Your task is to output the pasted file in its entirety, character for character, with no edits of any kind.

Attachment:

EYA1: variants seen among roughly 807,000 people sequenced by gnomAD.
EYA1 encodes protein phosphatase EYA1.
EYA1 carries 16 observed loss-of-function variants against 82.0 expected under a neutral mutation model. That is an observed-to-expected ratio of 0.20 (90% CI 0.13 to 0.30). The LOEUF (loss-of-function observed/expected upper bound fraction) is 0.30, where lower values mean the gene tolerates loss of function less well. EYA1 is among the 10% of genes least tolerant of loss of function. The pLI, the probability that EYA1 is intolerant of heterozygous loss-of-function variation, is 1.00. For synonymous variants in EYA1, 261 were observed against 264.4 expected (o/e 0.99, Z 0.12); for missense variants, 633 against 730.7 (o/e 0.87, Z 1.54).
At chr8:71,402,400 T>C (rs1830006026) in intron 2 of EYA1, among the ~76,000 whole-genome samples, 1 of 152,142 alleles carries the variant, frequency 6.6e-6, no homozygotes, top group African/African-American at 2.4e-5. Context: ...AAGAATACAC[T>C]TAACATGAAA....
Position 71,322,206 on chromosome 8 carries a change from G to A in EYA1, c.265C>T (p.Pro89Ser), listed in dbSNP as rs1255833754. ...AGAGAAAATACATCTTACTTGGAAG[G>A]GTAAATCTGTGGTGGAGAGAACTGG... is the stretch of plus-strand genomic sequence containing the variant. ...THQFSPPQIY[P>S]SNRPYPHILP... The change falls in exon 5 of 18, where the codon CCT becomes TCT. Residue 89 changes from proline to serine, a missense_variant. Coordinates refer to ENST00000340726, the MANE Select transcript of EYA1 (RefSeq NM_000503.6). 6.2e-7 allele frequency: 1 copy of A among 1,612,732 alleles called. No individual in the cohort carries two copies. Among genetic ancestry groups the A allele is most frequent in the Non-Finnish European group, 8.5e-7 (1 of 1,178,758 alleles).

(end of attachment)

EYA1: variants seen among roughly 807,000 people sequenced by gnomAD.
EYA1 encodes protein phosphatase EYA1.
EYA1 carries 16 observed loss-of-function variants against 82.0 expected under a neutral mutation model. That is an observed-to-expected ratio of 0.20 (90% CI 0.13 to 0.30). The LOEUF (loss-of-function observed/expected upper bound fraction) is 0.30, where lower values mean the gene tolerates loss of function less well. EYA1 is among the 10% of genes least tolerant of loss of function. The pLI, the probability that EYA1 is intolerant of heterozygous loss-of-function variation, is 1.00. For synonymous variants in EYA1, 261 were observed against 264.4 expected (o/e 0.99, Z 0.12); for missense variants, 633 against 730.7 (o/e 0.87, Z 1.54).
At chr8:71,402,400 T>C (rs1830006026) in intron 2 of EYA1, among the ~76,000 whole-genome samples, 1 of 152,142 alleles carries the variant, frequency 6.6e-6, no homozygotes, top group African/African-American at 2.4e-5. Context: ...AAGAATACAC[T>C]TAACATGAAA....
Position 71,322,206 on chromosome 8 carries a change from G to A in EYA1, c.265C>T (p.Pro89Ser), listed in dbSNP as rs1255833754. ...AGAGAAAATACATCTTACTTGGAAG[G>A]GTAAATCTGTGGTGGAGAGAACTGG... is the stretch of plus-strand genomic sequence containing the variant. ...THQFSPPQIY[P>S]SNRPYPHILP... The change falls in exon 5 of 18, where the codon CCT becomes TCT. Residue 89 changes from proline to serine, a missense_variant. Coordinates refer to ENST00000340726, the MANE Select transcript of EYA1 (RefSeq NM_000503.6). 6.2e-7 allele frequency: 1 copy of A among 1,612,732 alleles called. No individual in the cohort carries two copies. Among genetic ancestry groups the A allele is most frequent in the Non-Finnish European group, 8.5e-7 (1 of 1,178,758 alleles).